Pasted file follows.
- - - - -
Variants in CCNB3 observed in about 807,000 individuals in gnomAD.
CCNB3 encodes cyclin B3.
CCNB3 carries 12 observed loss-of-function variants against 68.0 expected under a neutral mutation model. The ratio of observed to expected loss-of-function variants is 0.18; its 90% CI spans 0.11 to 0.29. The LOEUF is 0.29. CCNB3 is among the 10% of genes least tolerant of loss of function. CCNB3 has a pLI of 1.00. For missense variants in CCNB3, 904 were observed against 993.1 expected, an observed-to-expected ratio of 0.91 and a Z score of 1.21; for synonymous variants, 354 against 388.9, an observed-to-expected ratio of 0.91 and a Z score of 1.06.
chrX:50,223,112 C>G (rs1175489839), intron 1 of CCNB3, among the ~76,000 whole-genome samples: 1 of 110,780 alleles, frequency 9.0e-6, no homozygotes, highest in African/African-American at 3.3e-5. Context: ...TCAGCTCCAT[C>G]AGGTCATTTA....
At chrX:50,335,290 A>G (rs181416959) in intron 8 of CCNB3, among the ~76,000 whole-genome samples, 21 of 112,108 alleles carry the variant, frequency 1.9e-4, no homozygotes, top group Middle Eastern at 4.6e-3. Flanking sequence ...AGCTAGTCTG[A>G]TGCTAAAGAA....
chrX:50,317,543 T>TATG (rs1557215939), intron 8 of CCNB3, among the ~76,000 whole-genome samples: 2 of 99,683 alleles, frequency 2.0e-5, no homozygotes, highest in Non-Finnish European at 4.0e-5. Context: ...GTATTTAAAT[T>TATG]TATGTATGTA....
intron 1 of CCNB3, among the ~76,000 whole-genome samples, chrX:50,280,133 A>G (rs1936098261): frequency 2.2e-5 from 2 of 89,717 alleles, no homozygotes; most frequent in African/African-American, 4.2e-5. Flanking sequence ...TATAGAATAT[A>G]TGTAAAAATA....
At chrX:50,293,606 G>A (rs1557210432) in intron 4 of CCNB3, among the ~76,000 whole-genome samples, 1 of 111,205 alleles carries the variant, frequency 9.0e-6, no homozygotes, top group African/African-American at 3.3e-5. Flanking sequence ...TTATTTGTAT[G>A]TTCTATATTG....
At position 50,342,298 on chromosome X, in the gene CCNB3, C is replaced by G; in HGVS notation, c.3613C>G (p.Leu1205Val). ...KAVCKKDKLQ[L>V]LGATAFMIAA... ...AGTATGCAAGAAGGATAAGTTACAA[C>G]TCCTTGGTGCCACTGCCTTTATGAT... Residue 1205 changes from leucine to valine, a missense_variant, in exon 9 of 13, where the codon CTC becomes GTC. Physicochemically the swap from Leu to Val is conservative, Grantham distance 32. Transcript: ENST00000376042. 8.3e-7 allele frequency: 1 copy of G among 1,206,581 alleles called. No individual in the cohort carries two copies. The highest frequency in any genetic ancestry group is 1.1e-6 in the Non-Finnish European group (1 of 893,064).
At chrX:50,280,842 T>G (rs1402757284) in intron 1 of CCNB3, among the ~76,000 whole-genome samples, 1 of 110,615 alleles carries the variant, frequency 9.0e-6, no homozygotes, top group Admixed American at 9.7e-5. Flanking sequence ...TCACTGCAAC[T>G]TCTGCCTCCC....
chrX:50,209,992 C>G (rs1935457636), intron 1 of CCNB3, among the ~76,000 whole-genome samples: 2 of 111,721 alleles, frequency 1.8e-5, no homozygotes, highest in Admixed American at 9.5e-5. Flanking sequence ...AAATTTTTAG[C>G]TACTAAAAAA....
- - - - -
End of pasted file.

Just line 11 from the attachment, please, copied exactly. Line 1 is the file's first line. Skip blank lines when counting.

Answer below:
chrX:50,209,992 C>G (rs1935457636), intron 1 of CCNB3, among the ~76,000 whole-genome samples: 2 of 111,721 alleles, frequency 1.8e-5, no homozygotes, highest in Admixed American at 9.5e-5. Flanking sequence ...AAATTTTTAG[C>G]TACTAAAAAA....